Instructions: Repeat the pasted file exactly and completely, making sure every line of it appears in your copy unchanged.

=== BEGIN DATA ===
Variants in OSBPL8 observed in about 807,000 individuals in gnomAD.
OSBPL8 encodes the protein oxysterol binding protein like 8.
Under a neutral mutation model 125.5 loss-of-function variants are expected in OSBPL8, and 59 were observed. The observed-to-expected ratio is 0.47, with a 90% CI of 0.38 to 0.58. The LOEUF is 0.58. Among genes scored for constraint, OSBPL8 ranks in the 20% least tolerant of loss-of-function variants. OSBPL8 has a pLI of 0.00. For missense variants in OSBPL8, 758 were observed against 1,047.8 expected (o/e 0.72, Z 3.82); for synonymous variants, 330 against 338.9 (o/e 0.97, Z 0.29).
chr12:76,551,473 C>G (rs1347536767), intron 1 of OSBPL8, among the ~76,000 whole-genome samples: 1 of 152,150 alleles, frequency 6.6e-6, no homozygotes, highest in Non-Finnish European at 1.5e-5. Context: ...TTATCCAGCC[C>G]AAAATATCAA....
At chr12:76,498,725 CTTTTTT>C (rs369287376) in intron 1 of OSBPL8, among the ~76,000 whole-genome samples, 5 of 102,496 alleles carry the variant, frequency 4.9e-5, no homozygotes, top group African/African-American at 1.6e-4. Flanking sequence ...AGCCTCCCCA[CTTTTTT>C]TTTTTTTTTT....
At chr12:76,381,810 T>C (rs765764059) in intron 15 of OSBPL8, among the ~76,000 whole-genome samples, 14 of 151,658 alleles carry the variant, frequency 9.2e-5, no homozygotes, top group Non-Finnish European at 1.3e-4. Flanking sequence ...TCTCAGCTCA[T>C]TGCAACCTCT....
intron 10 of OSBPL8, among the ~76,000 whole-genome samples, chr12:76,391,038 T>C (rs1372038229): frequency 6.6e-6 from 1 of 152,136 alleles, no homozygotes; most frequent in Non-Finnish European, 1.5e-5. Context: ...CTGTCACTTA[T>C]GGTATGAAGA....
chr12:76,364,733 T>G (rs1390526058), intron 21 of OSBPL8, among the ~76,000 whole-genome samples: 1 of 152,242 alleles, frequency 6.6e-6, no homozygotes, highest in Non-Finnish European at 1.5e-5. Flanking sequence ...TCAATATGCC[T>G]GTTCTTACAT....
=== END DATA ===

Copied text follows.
Variants in OSBPL8 observed in about 807,000 individuals in gnomAD.
OSBPL8 encodes the protein oxysterol binding protein like 8.
Under a neutral mutation model 125.5 loss-of-function variants are expected in OSBPL8, and 59 were observed. The observed-to-expected ratio is 0.47, with a 90% CI of 0.38 to 0.58. The LOEUF is 0.58. Among genes scored for constraint, OSBPL8 ranks in the 20% least tolerant of loss-of-function variants. OSBPL8 has a pLI of 0.00. For missense variants in OSBPL8, 758 were observed against 1,047.8 expected (o/e 0.72, Z 3.82); for synonymous variants, 330 against 338.9 (o/e 0.97, Z 0.29).
chr12:76,551,473 C>G (rs1347536767), intron 1 of OSBPL8, among the ~76,000 whole-genome samples: 1 of 152,150 alleles, frequency 6.6e-6, no homozygotes, highest in Non-Finnish European at 1.5e-5. Context: ...TTATCCAGCC[C>G]AAAATATCAA....
At chr12:76,498,725 CTTTTTT>C (rs369287376) in intron 1 of OSBPL8, among the ~76,000 whole-genome samples, 5 of 102,496 alleles carry the variant, frequency 4.9e-5, no homozygotes, top group African/African-American at 1.6e-4. Flanking sequence ...AGCCTCCCCA[CTTTTTT>C]TTTTTTTTTT....
At chr12:76,381,810 T>C (rs765764059) in intron 15 of OSBPL8, among the ~76,000 whole-genome samples, 14 of 151,658 alleles carry the variant, frequency 9.2e-5, no homozygotes, top group Non-Finnish European at 1.3e-4. Flanking sequence ...TCTCAGCTCA[T>C]TGCAACCTCT....
intron 10 of OSBPL8, among the ~76,000 whole-genome samples, chr12:76,391,038 T>C (rs1372038229): frequency 6.6e-6 from 1 of 152,136 alleles, no homozygotes; most frequent in Non-Finnish European, 1.5e-5. Context: ...CTGTCACTTA[T>C]GGTATGAAGA....
chr12:76,364,733 T>G (rs1390526058), intron 21 of OSBPL8, among the ~76,000 whole-genome samples: 1 of 152,242 alleles, frequency 6.6e-6, no homozygotes, highest in Non-Finnish European at 1.5e-5. Flanking sequence ...TCAATATGCC[T>G]GTTCTTACAT....